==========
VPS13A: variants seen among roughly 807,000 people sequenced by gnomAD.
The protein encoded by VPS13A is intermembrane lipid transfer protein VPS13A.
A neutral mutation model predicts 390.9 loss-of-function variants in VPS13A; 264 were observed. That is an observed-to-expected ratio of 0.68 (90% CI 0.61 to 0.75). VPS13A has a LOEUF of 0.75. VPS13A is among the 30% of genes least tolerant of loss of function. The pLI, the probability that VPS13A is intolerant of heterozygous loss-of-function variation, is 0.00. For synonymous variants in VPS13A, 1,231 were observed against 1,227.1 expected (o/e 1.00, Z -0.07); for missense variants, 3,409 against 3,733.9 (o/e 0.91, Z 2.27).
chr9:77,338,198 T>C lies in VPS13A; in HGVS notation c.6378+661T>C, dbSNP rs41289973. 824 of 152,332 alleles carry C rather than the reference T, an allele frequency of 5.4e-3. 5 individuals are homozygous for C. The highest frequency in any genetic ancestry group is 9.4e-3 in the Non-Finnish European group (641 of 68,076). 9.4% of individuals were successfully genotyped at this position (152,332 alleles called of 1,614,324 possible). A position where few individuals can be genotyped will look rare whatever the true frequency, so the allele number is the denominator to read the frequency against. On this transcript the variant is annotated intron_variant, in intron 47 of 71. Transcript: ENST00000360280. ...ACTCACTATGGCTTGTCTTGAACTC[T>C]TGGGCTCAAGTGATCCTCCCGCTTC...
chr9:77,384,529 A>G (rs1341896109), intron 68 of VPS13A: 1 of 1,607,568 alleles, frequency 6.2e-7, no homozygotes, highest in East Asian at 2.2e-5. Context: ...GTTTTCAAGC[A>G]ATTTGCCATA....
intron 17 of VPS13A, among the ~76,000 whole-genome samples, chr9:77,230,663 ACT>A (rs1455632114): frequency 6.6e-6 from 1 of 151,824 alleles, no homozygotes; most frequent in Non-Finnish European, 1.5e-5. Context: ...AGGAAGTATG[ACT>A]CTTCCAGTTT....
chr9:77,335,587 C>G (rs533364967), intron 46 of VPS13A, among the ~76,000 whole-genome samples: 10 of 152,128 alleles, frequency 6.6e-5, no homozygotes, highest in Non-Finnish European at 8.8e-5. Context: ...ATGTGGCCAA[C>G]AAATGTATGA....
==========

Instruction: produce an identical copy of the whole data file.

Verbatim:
VPS13A: variants seen among roughly 807,000 people sequenced by gnomAD.
The protein encoded by VPS13A is intermembrane lipid transfer protein VPS13A.
A neutral mutation model predicts 390.9 loss-of-function variants in VPS13A; 264 were observed. That is an observed-to-expected ratio of 0.68 (90% CI 0.61 to 0.75). VPS13A has a LOEUF of 0.75. VPS13A is among the 30% of genes least tolerant of loss of function. The pLI, the probability that VPS13A is intolerant of heterozygous loss-of-function variation, is 0.00. For synonymous variants in VPS13A, 1,231 were observed against 1,227.1 expected (o/e 1.00, Z -0.07); for missense variants, 3,409 against 3,733.9 (o/e 0.91, Z 2.27).
chr9:77,338,198 T>C lies in VPS13A; in HGVS notation c.6378+661T>C, dbSNP rs41289973. 824 of 152,332 alleles carry C rather than the reference T, an allele frequency of 5.4e-3. 5 individuals are homozygous for C. The highest frequency in any genetic ancestry group is 9.4e-3 in the Non-Finnish European group (641 of 68,076). 9.4% of individuals were successfully genotyped at this position (152,332 alleles called of 1,614,324 possible). A position where few individuals can be genotyped will look rare whatever the true frequency, so the allele number is the denominator to read the frequency against. On this transcript the variant is annotated intron_variant, in intron 47 of 71. Transcript: ENST00000360280. ...ACTCACTATGGCTTGTCTTGAACTC[T>C]TGGGCTCAAGTGATCCTCCCGCTTC...
chr9:77,384,529 A>G (rs1341896109), intron 68 of VPS13A: 1 of 1,607,568 alleles, frequency 6.2e-7, no homozygotes, highest in East Asian at 2.2e-5. Context: ...GTTTTCAAGC[A>G]ATTTGCCATA....
intron 17 of VPS13A, among the ~76,000 whole-genome samples, chr9:77,230,663 ACT>A (rs1455632114): frequency 6.6e-6 from 1 of 151,824 alleles, no homozygotes; most frequent in Non-Finnish European, 1.5e-5. Context: ...AGGAAGTATG[ACT>A]CTTCCAGTTT....
chr9:77,335,587 C>G (rs533364967), intron 46 of VPS13A, among the ~76,000 whole-genome samples: 10 of 152,128 alleles, frequency 6.6e-5, no homozygotes, highest in Non-Finnish European at 8.8e-5. Context: ...ATGTGGCCAA[C>G]AAATGTATGA....